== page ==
It was almost impossible to resist taking just one more photo, but sooner or later on this sunny afternoon, we knew that the light would catch the fall's spray at the right angle, and we would have a rainbow right in front of the stunning and well-named Bridal Veil Falls. Luckily the weather allowed this and, once we had our shots, it was time to reluctantly left the Falls area to explore the rest of the town.

Like many exceptional places in the world, pictures cannot fully capture the dynamic beauty of Niagara Falls. FOR ANOTHER PERSPECTIVE, make sure to VIEW THIS VIDEO to see them in action.



Niagara Falls is, of course, a tourist town - it couldn’t be anything else. There are hotels, restaurants, bars, cafes, shops, cinemas, a casino - and also plenty of fun activities for families and children on Clifton Hill, where you will find the Speedway, Sky Screamer, Niagara Sky Wheel, Marineland Theme Park, and more. 

Just don't go looking for classic Canadian cuisine here. Most of the fare is geared to suit tourists, the options varying from BBQ steakhouses, pizzerias, burger joints, and places like Vinny's (above) serving popular American-Italian food, as well as other ethnic restaurants and fast-food outlets.




Just 30 minutes drive from the busyness of the Niagara Falls, although the name is similar, the ambience of Niagara-on-the-Lake could hardly be more different. This small town's quiet pace, its historic buildings, the genteel air, gives visitors a sense of having stepped back into another era. 

Despite this, in a side street, we fell for Balzac's cafe serving the best coffee and contemporary breakfast we'd had so far in North America.

This World Heritage-listed town is postcard-perfect even on the damp early-spring morning we visited. Niagara-on-the-Lake is often called 'the prettiest town in North America', and we could see why.

In the main street, Wine Country Vintners introduced us to the local specialty, ideal in Canada's chilly conditions - ice wine, made from grapes that have frozen on the vine. As you can see, though, this region is also perfect for rose wine - which tastes as delicious as it looks.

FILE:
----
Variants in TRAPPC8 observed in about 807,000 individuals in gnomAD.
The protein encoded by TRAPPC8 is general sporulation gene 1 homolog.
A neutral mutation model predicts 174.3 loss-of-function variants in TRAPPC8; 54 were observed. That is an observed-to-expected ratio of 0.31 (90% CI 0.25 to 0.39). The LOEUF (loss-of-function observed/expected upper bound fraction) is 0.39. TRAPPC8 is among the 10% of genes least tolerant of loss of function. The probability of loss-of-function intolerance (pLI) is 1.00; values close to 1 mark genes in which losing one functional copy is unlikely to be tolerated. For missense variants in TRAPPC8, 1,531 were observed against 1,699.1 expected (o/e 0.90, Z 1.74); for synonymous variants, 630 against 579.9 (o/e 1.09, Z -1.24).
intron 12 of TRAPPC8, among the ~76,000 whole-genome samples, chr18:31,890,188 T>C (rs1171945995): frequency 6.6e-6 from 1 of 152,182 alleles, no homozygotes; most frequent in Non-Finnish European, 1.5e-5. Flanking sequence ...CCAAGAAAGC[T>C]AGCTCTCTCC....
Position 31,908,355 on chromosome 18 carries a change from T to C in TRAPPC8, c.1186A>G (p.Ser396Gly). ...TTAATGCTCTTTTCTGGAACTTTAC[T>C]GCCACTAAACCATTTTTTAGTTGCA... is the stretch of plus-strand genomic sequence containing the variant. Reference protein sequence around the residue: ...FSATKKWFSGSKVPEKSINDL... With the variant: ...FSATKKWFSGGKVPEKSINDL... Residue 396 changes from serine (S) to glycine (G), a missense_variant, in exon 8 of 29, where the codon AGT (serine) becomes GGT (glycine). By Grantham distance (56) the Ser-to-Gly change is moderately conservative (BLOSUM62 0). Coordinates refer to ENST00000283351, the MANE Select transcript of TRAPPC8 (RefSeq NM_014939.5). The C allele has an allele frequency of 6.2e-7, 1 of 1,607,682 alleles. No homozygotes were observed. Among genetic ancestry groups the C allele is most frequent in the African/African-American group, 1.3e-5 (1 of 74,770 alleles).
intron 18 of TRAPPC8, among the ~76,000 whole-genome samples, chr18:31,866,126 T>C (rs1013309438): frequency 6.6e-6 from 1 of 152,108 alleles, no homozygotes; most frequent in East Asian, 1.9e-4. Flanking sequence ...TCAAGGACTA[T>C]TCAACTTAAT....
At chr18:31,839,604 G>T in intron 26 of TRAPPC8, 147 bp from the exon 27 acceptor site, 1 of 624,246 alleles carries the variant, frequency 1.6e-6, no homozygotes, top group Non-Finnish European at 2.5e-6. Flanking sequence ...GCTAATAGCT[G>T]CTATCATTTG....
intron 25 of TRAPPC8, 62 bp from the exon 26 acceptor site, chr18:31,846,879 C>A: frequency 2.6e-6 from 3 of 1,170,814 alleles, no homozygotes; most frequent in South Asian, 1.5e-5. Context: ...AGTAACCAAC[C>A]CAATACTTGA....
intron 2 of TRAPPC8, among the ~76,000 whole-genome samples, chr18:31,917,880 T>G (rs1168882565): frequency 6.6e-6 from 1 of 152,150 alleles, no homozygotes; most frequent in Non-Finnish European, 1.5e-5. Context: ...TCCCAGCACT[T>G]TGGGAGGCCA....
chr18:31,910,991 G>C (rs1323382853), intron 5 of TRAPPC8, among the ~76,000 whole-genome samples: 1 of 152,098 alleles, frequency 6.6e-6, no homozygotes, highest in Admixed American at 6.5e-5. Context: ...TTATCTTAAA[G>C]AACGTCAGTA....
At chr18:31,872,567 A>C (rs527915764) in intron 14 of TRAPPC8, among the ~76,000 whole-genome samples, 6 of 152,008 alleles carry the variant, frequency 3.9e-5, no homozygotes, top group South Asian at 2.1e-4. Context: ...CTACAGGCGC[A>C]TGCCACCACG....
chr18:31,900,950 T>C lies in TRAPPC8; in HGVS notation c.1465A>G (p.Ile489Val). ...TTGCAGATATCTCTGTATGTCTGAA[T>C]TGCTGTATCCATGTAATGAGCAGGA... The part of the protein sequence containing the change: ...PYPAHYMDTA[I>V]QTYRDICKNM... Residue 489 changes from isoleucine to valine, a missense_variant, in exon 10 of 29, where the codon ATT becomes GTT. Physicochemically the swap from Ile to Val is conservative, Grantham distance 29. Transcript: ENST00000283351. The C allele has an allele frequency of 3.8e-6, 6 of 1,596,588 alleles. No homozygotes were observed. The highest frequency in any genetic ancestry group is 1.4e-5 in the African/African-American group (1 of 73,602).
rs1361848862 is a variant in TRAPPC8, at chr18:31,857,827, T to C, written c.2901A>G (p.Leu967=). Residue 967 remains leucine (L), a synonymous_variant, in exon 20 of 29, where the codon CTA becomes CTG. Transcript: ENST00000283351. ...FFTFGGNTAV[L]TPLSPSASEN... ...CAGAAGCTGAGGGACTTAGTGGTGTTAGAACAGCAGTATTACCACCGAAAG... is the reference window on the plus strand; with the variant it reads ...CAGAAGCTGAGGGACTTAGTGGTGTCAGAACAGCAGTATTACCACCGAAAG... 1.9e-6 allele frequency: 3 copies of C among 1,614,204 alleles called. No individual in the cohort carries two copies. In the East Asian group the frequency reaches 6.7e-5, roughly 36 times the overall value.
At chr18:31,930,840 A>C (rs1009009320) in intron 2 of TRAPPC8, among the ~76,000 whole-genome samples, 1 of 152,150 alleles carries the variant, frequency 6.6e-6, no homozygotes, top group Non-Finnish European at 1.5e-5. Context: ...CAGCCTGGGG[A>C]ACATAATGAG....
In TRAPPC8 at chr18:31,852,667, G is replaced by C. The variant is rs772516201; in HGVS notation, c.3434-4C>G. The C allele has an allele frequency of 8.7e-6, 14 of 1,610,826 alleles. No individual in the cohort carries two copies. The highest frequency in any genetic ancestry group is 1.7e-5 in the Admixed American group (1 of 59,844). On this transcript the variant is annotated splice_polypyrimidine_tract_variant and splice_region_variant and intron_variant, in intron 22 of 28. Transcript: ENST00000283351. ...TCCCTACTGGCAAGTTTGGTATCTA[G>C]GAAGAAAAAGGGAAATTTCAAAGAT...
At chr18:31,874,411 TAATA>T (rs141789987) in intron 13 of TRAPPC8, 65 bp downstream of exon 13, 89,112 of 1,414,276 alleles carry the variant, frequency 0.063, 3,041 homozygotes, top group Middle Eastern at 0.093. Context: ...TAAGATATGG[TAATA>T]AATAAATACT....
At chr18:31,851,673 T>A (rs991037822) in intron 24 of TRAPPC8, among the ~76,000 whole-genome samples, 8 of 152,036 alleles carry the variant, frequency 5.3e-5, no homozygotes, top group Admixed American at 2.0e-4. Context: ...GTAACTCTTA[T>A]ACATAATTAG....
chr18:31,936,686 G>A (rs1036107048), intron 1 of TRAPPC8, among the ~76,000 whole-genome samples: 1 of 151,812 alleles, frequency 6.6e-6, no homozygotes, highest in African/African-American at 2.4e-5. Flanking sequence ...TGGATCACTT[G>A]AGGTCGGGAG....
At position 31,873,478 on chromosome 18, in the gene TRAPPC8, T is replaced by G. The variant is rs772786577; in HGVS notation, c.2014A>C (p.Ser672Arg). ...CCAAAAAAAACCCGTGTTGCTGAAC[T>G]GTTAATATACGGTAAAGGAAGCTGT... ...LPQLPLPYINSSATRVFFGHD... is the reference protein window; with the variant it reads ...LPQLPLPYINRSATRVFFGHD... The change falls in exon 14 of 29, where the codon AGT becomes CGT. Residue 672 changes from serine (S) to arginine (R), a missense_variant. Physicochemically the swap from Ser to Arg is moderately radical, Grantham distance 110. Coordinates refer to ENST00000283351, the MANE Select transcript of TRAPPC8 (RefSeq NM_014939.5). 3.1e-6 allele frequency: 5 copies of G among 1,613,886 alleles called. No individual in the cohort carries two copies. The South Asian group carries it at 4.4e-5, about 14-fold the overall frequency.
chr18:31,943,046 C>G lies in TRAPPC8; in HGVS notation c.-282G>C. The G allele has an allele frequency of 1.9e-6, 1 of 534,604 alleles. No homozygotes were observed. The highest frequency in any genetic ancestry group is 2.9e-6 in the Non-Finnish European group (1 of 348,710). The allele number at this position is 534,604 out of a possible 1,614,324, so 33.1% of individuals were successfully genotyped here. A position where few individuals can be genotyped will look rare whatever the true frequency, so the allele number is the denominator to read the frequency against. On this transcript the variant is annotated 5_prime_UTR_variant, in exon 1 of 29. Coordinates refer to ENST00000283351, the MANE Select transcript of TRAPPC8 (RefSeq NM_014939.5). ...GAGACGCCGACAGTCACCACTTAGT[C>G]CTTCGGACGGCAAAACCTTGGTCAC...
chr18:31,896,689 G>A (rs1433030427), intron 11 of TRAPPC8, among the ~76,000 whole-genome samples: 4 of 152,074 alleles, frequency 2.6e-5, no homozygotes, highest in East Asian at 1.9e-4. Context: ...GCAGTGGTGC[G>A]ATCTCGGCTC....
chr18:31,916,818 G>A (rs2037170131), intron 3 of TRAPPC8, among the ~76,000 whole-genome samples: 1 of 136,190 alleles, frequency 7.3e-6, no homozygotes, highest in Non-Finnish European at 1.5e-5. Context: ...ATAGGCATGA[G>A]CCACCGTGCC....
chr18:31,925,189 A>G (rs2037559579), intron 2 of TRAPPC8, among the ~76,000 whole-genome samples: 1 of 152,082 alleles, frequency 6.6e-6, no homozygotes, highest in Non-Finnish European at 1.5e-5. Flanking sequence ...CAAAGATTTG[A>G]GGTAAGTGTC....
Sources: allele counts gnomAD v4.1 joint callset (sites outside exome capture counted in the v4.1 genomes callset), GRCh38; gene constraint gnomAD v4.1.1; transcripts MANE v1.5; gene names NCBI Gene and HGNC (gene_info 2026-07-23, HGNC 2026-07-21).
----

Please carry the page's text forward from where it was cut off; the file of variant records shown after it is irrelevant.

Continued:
Of course we had to spend some time wandering the vineyards nearby where, as the name suggests, many are located south-east of the town, on the banks of the Niagara River. 

That there was a thriving wine industry and around 100 vineyards (as well as micro-breweries and distilleries) so close to a world-class tourist destination was something that we had not realised, and it added a delightful new perspective to our visit.



Toronto, capital of Ontario

Toronto is Canada's largest city with the highest population (over six million), and its size and complexity has to be seen to even begin to understand it. Like all Saint Lawrence River cities, this was originally a trading post and, appropriately, its name in the native Huron language means 'plenty'.

Having booked accommodation in an outer suburb, on our first morning we took a train to the city centre. As we stopped at each station we noticed billboards on the walls, inviting migrants to come to Toronto to work, study or settle here.  

(Immigrant Family, by the popular American sculptor Tom Otterness on Yonge Street, Toronto)

Why was this? We asked a local - always a good way to find out something - and it was explained to us that quite simply, Canada (with a total population of 37 million) needs more people. Simple as that!

Exploring the city, we noticed a wide range of ethnic cultures, mingling easily and of course bringing the vibrancy and flavours of their home countries with them.

As so much of travel is also about food, we find it impossible to miss out on a good market. Or, for that matter, an Old Town centre.

The streetscape in this old part of town reflects the age of the area.

The busy St Lawrence Market was an easy walk along Front Street from the train terminus. Established in 1803, the market has provided farm produce direct to customers for many generations. It also reflects the cosmopolitan demographic of the local shoppers.